Women engineers come to the forefront
DESPITE sex-role conditioning by teachers and traditional attitudes that rule out floor and site jobs for women, the number of Indian women taking to engineering has increased manifold in the period between 1975 and 1990. The percentage of women enrolled in engineering degree courses has increased rapidly from 1.3 per cent in 1974 to an estimated 11 per cent in 1990. Between 1975 and 1990, India produced 3,37,100 engineers, an estimated 18,875 (5.6 per cent) of which were women.
A national survey by the Indian Institute of Technology (IIT) in Bombay shows there are still few women graduating from prestigious institutions such as the IITs and the regional engineering colleges. But in some colleges in the states, women now constitute upto 30 per cent of the total number of students enrolled. Several private engineering colleges, which opened in the period between 1983 and 1985, enrolled a proportionately higher number of women.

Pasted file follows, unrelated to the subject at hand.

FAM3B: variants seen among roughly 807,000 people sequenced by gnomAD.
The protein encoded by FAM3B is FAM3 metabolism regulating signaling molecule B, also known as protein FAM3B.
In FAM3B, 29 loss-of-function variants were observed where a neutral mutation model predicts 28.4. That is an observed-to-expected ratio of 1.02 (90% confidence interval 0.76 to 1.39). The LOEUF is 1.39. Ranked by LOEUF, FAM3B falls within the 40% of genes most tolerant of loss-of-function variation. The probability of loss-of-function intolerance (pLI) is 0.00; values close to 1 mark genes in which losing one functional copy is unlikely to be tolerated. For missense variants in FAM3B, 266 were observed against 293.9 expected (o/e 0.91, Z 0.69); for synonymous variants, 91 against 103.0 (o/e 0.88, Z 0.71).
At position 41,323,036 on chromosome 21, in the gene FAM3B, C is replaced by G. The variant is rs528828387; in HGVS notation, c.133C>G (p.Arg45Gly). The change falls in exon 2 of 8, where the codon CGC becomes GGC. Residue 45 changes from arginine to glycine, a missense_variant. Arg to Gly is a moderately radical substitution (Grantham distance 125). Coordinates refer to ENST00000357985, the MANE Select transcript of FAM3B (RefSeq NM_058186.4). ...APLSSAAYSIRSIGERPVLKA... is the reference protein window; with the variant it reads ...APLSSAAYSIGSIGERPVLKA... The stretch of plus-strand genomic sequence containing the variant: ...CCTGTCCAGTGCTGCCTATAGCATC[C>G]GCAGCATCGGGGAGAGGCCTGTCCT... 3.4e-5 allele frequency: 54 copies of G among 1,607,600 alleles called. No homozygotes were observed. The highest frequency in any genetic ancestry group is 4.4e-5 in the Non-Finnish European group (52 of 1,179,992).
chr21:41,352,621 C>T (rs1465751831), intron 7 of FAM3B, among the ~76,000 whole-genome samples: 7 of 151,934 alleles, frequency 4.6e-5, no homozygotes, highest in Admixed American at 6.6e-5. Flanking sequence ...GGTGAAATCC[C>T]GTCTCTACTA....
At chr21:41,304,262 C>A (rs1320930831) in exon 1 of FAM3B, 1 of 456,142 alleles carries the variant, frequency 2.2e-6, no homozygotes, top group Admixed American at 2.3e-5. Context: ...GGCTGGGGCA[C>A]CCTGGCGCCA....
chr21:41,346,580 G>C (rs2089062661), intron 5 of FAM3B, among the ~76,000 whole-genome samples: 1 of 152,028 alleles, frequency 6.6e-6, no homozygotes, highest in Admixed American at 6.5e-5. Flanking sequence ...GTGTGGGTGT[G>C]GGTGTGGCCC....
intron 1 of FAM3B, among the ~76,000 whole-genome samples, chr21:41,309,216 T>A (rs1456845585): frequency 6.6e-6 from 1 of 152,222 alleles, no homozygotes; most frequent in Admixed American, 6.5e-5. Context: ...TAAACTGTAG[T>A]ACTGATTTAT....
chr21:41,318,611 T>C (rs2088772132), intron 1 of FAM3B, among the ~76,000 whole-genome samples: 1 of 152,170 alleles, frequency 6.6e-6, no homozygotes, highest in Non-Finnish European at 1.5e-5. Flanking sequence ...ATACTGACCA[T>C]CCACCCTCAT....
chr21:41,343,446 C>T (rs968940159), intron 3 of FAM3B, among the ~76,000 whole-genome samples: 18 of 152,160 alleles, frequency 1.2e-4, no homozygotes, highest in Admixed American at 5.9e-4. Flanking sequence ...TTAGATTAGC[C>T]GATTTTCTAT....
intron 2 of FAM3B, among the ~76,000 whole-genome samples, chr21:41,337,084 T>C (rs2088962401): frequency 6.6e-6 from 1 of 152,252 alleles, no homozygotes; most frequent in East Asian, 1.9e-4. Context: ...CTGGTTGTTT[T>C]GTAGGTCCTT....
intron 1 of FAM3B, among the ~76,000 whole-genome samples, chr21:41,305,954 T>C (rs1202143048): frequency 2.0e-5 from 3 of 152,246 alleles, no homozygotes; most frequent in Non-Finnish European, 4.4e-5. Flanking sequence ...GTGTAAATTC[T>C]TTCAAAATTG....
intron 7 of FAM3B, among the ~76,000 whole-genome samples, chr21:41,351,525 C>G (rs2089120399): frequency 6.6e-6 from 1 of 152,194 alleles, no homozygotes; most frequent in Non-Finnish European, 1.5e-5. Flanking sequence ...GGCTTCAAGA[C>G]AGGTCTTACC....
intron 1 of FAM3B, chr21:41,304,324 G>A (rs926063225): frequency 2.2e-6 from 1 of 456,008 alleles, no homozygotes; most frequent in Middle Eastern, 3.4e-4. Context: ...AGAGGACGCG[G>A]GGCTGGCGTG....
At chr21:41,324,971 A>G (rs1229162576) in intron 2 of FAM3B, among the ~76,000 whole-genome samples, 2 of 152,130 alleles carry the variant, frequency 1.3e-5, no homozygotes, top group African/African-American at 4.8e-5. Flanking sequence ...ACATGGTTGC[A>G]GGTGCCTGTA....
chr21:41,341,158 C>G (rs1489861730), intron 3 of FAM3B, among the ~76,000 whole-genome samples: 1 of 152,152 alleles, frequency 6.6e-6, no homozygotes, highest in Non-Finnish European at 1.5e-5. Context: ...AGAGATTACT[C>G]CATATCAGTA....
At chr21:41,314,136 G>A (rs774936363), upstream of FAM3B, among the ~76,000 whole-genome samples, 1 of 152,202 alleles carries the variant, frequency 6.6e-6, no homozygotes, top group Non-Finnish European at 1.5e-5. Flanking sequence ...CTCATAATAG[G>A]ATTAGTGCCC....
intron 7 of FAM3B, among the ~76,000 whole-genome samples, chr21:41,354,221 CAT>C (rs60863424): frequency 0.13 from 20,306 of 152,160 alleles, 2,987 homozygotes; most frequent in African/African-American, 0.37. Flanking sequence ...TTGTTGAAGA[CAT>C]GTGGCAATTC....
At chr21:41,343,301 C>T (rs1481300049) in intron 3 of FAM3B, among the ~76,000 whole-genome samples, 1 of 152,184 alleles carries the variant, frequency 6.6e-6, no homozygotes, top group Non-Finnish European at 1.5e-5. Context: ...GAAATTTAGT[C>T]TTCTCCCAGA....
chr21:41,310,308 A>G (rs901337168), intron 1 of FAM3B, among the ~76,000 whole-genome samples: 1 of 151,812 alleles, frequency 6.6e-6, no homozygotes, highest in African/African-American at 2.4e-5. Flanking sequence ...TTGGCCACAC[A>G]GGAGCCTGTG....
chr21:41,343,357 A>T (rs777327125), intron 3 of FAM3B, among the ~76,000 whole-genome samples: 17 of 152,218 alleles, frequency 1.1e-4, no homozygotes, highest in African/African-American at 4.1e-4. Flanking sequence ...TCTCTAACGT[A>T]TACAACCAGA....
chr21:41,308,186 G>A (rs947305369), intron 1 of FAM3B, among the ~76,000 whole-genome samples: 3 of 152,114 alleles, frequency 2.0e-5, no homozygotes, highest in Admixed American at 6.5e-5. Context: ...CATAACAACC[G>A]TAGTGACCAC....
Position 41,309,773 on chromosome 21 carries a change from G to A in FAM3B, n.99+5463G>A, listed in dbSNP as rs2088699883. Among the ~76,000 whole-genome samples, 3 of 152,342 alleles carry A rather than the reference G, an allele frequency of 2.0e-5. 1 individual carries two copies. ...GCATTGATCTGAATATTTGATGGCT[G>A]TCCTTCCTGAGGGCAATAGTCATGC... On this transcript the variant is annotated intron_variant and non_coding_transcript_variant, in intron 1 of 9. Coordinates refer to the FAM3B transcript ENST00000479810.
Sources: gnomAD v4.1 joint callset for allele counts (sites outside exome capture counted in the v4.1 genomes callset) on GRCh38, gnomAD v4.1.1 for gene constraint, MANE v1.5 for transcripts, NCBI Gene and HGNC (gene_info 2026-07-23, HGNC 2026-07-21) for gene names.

Kerala has the largest number of women engineers, closely followed by Tamil Nadu and Karnataka. Electronics heads the list of preference, followed by computer science, chemical and mechanical engineering. Women also tend to do well in the course. About 75 per cent of them are ranked in the top 25 per cent of their class.
The survey showed also that the family background of the women played an important role in their choice of career. Most fathers of women engineers were engineers themselves, while the mothers were teachers. Two-thirds of women engineers were married to engineers as well.